While Lambert was outed in a less-than-ideal fashion, that didn't change the manner in which Nokia's HR team helped guide her through the process of transitioning at work. In accordance with company policy, HR scheduled a meeting with Lambert's co-workers to inform them of her transition and address any questions or concerns. Lambert was given the opportunity to be present, but declined, as is typically the case, according to Sitton. At this point, she says, acceptance of transgender employees is so embedded in Nokia's culture, "it's become a way of life" and one that rarely generates any measurable amount of surprise or concern among the workforce.
"Most of the time, the response is, 'Yeah, they're transitioning. We're good with that.' And they move on," says Sitton. "It's not a big deal anymore."
For her part, Lambert says, she was assured Nokia would not tolerate any harassment or discrimination at the hands of her co-workers. "When management was made aware [of my transgender status], they were very clear about it: 'You are not going to have any problems. There will be no repercussions. We won't tolerate it,' " says Lambert. "They were so adamant that I would be protected ... ."
At Chicago-based Leo Burnett, where gender identity has been part of the diversity platform since 2012, formal transition guidelines were sent via email to all 1,800 U.S. employees of the global advertising agency in September 2015. Individual managers are instructed to notify HR if they receive notice of an employee's plan to transition, so they can "dial up the vigilance" and watch for any harassment or signs of discomfort among the workforce, according to Renetta McCann, chief talent officer. Remarkably, there's been no pushback whatsoever, something McCann credits to the company's "open creative environment."
At Nokia, Lambert admits her colleagues were a bit standoffish at first, primarily because they didn't know what to expect. Now that a few months have passed, they've grown accustomed to working with Amber, rather than Anthony, although they occasionally slip and use the wrong pronoun when referring to her.
"It's gotten to the point where they'll go, 'Dude, I'm sorry. . .' " says Lambert. "You just laugh and go with the flow."
Nokia seeks to minimize lingering doubts in the minds of co-workers by encouraging open communication, not just in the initial meeting, but in their day-to-day interactions with their transgender colleague. If they have a question, Sitton says, they should simply ask. Naturally, the transgender employee's privacy is respected and specific details about [his or her] transition -- medical procedures and the like -- are left to the transitioning employee to share with colleagues, if [he or she] decides to do so.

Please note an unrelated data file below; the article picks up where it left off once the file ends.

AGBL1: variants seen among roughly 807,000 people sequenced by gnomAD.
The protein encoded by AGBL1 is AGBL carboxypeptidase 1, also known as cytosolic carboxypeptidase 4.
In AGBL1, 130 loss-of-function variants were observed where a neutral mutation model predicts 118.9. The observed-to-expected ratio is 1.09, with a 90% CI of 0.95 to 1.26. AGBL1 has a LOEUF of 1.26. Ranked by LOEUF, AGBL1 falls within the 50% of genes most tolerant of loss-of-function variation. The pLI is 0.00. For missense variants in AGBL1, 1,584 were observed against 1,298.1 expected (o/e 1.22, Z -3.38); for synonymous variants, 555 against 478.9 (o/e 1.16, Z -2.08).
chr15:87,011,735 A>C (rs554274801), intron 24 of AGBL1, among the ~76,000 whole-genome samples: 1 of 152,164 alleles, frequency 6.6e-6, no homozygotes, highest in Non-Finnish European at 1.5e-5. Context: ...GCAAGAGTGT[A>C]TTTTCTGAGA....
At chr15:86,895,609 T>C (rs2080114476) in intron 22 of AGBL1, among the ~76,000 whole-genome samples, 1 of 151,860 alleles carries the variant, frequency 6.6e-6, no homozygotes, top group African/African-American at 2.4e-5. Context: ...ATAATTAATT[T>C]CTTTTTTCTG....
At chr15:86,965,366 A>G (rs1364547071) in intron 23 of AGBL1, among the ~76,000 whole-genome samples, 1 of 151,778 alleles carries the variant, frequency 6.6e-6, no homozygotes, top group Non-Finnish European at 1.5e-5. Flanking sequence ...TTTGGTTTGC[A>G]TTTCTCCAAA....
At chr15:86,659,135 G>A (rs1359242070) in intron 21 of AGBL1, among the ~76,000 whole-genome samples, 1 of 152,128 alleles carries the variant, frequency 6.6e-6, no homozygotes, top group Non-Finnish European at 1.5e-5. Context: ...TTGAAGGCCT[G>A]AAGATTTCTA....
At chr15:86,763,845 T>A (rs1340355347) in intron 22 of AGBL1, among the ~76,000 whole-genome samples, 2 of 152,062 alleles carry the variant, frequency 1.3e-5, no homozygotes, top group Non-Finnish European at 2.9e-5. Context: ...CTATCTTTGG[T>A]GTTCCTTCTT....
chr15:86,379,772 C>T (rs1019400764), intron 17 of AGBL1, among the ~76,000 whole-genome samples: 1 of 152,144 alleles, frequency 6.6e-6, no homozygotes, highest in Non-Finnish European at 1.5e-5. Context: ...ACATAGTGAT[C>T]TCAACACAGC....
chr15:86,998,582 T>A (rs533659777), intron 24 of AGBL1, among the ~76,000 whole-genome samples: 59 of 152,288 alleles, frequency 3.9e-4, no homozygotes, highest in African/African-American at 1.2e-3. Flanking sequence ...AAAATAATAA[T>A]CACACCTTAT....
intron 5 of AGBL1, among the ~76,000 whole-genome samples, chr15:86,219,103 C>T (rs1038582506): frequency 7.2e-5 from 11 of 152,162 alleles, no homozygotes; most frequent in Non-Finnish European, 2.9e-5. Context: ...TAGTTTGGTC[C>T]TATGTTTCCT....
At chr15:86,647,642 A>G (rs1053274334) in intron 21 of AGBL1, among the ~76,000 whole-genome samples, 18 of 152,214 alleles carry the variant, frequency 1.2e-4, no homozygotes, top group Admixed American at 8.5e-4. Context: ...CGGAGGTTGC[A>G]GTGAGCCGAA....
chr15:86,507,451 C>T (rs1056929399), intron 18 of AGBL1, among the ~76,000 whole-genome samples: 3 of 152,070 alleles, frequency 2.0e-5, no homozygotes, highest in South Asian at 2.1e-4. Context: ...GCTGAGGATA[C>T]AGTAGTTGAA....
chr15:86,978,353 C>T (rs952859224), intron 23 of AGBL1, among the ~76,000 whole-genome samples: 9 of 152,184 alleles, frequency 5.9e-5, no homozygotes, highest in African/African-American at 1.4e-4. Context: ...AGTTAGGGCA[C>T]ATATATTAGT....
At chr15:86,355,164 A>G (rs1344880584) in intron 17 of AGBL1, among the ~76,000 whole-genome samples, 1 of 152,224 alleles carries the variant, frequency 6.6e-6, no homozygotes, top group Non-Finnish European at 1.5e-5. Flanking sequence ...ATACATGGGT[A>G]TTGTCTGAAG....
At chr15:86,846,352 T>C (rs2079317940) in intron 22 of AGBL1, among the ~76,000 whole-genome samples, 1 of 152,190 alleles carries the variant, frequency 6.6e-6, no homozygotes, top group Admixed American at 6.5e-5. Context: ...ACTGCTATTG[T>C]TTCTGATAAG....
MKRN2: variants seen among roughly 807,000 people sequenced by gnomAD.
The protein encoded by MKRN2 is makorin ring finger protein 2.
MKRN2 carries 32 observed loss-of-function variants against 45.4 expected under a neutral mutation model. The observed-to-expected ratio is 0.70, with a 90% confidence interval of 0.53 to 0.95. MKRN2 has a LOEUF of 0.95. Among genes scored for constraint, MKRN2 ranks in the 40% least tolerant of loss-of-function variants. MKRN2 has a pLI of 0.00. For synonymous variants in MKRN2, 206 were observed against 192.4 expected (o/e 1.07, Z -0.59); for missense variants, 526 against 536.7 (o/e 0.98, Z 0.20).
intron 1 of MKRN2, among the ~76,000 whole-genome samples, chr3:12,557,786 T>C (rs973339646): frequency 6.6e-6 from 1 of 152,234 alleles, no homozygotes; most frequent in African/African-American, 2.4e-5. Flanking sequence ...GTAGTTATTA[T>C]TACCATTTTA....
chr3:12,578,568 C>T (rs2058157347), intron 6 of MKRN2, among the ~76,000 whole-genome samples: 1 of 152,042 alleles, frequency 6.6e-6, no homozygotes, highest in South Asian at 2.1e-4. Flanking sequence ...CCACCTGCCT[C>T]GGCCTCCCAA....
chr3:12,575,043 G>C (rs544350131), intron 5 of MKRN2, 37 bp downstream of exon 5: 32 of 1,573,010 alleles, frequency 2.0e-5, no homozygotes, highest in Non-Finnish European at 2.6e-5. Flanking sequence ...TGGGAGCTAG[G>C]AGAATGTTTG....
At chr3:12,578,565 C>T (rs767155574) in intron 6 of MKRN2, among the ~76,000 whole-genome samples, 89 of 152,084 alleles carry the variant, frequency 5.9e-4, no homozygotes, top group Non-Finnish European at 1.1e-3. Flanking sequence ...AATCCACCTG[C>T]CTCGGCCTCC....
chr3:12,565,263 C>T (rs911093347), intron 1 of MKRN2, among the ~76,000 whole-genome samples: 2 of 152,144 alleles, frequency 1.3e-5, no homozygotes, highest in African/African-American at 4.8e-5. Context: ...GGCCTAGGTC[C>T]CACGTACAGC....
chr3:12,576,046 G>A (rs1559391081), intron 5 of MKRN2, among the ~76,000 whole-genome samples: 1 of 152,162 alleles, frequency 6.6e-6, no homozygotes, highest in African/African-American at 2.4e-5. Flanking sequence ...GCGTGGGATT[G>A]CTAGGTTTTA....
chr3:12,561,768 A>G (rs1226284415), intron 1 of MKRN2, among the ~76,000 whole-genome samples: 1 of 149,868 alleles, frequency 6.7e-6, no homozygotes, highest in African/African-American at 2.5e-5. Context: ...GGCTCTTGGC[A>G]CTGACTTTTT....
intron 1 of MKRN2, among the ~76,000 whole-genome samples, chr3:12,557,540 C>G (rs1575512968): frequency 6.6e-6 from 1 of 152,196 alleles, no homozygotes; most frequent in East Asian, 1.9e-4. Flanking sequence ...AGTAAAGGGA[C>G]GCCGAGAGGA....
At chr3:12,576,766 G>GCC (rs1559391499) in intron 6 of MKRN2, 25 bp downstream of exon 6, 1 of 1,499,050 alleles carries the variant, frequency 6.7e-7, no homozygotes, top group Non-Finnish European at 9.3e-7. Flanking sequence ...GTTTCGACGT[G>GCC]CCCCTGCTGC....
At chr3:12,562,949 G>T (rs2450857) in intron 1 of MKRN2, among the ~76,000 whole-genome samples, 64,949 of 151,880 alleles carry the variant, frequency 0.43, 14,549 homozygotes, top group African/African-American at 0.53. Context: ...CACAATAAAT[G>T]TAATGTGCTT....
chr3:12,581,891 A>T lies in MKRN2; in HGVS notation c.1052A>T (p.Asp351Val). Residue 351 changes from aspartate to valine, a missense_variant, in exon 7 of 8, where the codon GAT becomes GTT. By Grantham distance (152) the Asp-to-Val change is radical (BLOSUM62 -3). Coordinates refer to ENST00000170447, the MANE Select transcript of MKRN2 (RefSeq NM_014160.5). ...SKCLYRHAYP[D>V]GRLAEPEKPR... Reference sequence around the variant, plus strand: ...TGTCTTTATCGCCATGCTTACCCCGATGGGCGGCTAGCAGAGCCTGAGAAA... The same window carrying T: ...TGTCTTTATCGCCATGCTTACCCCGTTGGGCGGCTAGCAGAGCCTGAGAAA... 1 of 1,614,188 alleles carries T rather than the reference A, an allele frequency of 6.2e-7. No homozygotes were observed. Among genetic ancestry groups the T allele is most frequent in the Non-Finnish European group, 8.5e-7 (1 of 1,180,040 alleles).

Increasingly, organizations are incorporating transgender-specific coverage into their health plans. Of the nearly 900 companies rated in the HRC's 2017 CEI, 73 percent offer transgender-inclusive health coverage, and 40 percent of Fortune 500 companies have at least one plan that covers hormone-replacement therapy. Just 15 years ago, none did.
In Newtown Square, Pa., SAP America Inc. has been offering transgender-specific benefits, including coverage for gender-reassignment surgery and behavioral health/mental health counseling, for some time. Beginning in 2017, however, the enterprise software giant has expanded its medical-coverage plan to include masculinization and feminization procedures designed to help complete the transition from one gender to the other, says Jason Russell, North America total rewards director. That includes surgical procedures on the bones of the face and Adam's apple, hair removal or implantation and liposuction to create a feminine waist.
Such procedures have long been considered cosmetic, but are increasingly viewed as reconstructive, says Margaret Botney, senior consultant at Conduent HR Services in Florham Park, N.J. Few employers currently cover such procedures, but doing so will ultimately result in cost savings down the road, as supporting an employee in completing his or her physical transition will "offset whatever mental-health costs and hospitalizations might be incurred by not providing them," says Botney.
All of SAP's expanded transgender benefits cover dependents as well as employees. In fact, one benefit in particular is geared specifically toward minors who identify as a different gender, but are too young to qualify for sex-reassignment surgery. Puberty suppression medication staves off the development of secondary sexual characteristics, such as facial hair, deep voices, and Adam's apples in boys and breast development and menstruation in girls. "We wanted to make sure we were as inclusive as we could be, and that includes a child who's transgender or struggling with gender identity," says Russell.
All too often, organizations try to justify not covering transition-related medical procedures by citing the high cost involved, according to Michael Weaver, partner-in-charge for LGBT diversity and inclusion at Chicago-based McDermott Will and Emery, one of the first U.S. law firms to offer full transgender health coverage. However, he considers such coverage a "minor cost" of maintaining a good work environment and retaining valued employees.
"It doesn't cost that much to cover transgender folks for medical benefits, especially when you consider that you are securing that employee's loyalty," says Weaver. "We have some really great transgender employees and we don't want to lose them."
At Nokia, Lambert wasn't aware the company offered transgender health benefits until annual enrollment came around. As she updated her gender identity in the system, she "started following links" and much to her delight, discovered she had access to transgender healthcare. HR has also demonstrated its willingness to escalate plan discussions to ensure any coverage-related issues are fully resolved for the company's transgender employees.
Lambert is grateful to Nokia, not only for going to bat for her when she was seeking approval to go forward with a surgical procedure, but for the manner in which the company has treated her throughout her transition. From her "boss' boss' boss" sending her a post-surgical "congratulations" card to addressing any barriers that get in her way, Lambert views Nokia's respectful and compassionate treatment of her as a powerful affirmation of her value, not only as an employee, but as a human being.
"It doesn't take a lot to know when they are doing something, it's not because they have to, but because they think it's right," says Lambert. "That level of commitment and support goes a long way toward making you feel like a valued individual."